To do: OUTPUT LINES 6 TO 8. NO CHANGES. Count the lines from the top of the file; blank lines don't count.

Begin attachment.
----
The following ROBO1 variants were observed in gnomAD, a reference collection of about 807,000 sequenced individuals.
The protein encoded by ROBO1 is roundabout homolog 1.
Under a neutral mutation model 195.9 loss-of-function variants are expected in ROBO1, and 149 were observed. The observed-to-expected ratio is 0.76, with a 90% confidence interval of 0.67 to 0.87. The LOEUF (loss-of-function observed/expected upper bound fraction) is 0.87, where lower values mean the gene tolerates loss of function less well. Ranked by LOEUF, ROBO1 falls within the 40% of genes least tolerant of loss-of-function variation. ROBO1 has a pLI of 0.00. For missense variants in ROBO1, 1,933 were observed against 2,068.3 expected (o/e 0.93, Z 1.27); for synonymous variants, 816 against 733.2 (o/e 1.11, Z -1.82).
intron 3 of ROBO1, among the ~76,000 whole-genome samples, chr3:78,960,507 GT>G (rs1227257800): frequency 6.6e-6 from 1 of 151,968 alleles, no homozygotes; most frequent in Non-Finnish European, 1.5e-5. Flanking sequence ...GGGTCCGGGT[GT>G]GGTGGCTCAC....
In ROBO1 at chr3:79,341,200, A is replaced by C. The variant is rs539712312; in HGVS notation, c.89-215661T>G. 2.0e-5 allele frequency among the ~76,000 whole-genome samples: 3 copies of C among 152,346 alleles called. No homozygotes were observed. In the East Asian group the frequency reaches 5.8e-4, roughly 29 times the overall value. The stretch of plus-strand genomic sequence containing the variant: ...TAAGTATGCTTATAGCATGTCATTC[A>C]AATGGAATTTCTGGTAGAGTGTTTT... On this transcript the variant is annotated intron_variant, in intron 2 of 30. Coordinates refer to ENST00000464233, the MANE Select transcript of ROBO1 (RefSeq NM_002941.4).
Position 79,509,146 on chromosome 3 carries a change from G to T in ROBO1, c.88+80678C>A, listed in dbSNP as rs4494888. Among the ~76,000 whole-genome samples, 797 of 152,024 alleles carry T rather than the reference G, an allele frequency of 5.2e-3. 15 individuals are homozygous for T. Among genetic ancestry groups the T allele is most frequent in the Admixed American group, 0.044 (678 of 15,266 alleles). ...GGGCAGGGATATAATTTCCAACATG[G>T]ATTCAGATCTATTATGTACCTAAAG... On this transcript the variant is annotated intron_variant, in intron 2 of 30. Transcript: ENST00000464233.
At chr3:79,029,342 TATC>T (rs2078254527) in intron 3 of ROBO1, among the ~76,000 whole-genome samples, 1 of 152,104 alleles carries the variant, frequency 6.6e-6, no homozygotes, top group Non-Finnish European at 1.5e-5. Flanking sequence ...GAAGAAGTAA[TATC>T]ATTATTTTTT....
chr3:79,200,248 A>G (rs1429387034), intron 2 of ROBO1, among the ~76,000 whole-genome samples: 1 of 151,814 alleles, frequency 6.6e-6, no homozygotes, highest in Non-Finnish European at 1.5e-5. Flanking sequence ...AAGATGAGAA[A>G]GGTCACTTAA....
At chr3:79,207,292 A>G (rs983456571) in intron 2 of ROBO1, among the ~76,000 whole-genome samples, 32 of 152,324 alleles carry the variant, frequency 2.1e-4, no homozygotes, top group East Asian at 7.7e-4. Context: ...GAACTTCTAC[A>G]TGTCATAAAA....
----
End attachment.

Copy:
Position 79,509,146 on chromosome 3 carries a change from G to T in ROBO1, c.88+80678C>A, listed in dbSNP as rs4494888. Among the ~76,000 whole-genome samples, 797 of 152,024 alleles carry T rather than the reference G, an allele frequency of 5.2e-3. 15 individuals are homozygous for T. Among genetic ancestry groups the T allele is most frequent in the Admixed American group, 0.044 (678 of 15,266 alleles). ...GGGCAGGGATATAATTTCCAACATG[G>T]ATTCAGATCTATTATGTACCTAAAG... On this transcript the variant is annotated intron_variant, in intron 2 of 30. Transcript: ENST00000464233.
At chr3:79,029,342 TATC>T (rs2078254527) in intron 3 of ROBO1, among the ~76,000 whole-genome samples, 1 of 152,104 alleles carries the variant, frequency 6.6e-6, no homozygotes, top group Non-Finnish European at 1.5e-5. Flanking sequence ...GAAGAAGTAA[TATC>T]ATTATTTTTT....
chr3:79,200,248 A>G (rs1429387034), intron 2 of ROBO1, among the ~76,000 whole-genome samples: 1 of 151,814 alleles, frequency 6.6e-6, no homozygotes, highest in Non-Finnish European at 1.5e-5. Flanking sequence ...AAGATGAGAA[A>G]GGTCACTTAA....